Sometimes all is not as it seems. To wit, Portland doomers Witch Mountain‘s second album, South of Salem. Released on the band’s own Mountastic Records imprint, it followed a full decade after their debut, …Come the Mountain, and genuinely seemed like a restart for the group. But as drummer Nate Carson informs, that’s not really the case. Witch Mountain had been playing shows almost all along, and it was with the addition of vocalist Uta Plotkin to their lineup and the accumulation of funds that they decided once again to enter the studio.
If finding Plotkin was a factor in their finally being able to put South of Salem to tape, it was well worth the wait. Her vocals are both powerful and melodic, adding depth to the songs and playing off the riffs of guitarist Rob Wrong in classic fashion, earning near-ubiquitous comparisons to Heart along the way. Given Witch Mountain‘s embrace of doom’s founding principles — i.e., thou shalt riff — that’s maybe not inaccurate, but let there be no question that what Plotkin brings to South of Salem belongs to Witch Mountain alone.
The album, which was recorded by the venerable Billy Anderson, offers no posturing, no bullshit. Plotkin‘s vocals soar above Wrong‘s chugging riffage, underscored by a heady foundation of groove affected by Carson and bassist Dave Hoopaugh. Right from the beginning of opener “Wing of the Lord” and down through cuts like the growling “End Game” and the 12-minute sprawl of “Hare’s Stare,” South of Salem keeps to a natural, live feel that makes the performances captured that much more striking. Listening, as much ass as Plotkin kicks throughout, I keep going back to Wrong‘s layered solos toward the end of “Hare’s Stare.” Pure Iommic bliss.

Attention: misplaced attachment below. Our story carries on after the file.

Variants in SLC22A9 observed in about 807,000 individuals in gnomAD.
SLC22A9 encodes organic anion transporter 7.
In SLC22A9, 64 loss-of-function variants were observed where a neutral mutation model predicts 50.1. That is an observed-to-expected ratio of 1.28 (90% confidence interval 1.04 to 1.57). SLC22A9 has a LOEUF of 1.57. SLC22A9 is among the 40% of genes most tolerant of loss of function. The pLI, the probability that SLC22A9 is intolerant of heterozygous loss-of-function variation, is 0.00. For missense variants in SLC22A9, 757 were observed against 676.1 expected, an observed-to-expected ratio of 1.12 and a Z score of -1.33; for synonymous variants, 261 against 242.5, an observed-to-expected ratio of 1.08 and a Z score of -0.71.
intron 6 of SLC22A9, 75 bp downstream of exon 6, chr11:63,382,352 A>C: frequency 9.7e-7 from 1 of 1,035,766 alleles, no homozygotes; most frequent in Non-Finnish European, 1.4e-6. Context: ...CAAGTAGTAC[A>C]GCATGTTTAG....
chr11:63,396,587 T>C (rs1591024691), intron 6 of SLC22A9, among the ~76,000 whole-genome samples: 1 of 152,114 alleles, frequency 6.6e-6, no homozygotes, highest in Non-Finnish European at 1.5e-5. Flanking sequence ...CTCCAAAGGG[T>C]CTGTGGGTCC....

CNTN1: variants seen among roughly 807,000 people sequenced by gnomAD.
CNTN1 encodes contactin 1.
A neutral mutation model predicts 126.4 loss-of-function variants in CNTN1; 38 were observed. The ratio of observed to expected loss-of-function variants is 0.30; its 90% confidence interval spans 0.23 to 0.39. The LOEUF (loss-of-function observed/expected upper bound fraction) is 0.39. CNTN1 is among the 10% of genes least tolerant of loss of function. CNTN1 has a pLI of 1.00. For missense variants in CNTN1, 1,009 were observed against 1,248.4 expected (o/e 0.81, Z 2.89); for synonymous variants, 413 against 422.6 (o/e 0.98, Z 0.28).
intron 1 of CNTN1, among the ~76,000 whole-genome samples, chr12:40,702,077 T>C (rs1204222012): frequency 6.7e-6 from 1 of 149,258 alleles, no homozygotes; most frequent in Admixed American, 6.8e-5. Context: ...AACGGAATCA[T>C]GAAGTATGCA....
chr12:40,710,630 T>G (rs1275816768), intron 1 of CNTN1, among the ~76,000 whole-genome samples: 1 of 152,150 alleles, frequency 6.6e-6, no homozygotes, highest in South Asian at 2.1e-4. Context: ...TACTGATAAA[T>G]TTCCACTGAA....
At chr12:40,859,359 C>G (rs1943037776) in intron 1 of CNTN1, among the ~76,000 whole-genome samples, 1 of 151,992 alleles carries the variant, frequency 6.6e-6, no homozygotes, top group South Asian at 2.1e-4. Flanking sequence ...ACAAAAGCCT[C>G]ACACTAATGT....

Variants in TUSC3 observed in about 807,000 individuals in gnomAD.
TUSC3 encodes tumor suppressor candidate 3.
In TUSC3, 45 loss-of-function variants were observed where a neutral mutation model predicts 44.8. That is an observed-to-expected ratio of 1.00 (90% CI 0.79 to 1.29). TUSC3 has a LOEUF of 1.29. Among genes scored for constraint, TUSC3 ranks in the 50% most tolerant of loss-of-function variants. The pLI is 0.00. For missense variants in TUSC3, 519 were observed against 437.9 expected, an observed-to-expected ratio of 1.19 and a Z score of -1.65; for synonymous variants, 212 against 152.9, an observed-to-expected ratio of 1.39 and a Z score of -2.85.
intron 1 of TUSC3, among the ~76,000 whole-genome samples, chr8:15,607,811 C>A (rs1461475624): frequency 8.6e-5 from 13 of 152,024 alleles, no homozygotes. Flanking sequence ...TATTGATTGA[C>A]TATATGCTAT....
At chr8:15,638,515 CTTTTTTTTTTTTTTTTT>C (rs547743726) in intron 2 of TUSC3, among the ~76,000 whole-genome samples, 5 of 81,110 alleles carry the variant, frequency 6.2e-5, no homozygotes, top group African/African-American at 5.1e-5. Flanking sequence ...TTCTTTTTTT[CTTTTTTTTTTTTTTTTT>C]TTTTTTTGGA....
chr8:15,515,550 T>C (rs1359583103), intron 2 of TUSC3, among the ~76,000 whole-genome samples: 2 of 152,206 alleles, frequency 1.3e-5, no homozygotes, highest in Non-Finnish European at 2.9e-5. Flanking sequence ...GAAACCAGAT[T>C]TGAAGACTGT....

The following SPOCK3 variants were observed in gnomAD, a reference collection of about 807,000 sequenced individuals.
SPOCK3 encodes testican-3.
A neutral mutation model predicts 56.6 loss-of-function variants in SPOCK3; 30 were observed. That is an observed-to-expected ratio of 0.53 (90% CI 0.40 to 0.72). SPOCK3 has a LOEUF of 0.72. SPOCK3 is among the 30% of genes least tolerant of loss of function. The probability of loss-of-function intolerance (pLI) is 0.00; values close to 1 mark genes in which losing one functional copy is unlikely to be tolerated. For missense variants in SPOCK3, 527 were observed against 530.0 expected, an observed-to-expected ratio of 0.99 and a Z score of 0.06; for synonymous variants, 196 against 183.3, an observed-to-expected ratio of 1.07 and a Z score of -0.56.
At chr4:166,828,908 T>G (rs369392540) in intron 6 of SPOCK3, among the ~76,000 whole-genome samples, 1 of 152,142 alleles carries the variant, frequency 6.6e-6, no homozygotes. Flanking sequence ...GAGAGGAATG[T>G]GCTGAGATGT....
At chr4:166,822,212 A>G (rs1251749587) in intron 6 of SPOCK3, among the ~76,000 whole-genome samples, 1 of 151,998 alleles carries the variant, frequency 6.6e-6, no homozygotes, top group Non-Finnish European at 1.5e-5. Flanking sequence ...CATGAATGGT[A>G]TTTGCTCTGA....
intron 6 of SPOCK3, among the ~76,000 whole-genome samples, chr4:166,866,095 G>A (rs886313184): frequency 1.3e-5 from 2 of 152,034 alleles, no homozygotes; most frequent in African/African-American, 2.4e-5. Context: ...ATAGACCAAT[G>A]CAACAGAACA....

I posted South of Salem a while back as an audio stream, and it’s available here if you didn’t get the chance to hear it. In our email exchange, Carson — who also helms Nanotear Booking — discussed making the album, the process of bringing Plotkin into the band, Witch Mountain‘s touring plans, and was kind enough even to turn the keyboard over to Wrong when it came to explaining how their new vocalist has changed the songwriting methodology. For anyone living in the Northwest, Carson also confirmed he’ll be doing another installment of the Fall into Darkness festival (prior years have included the likes of Earthless and Ludicra), although he was tight-lipped when it came to saying who might be in the lineup.
Full Q&A is after the jump. Please enjoy.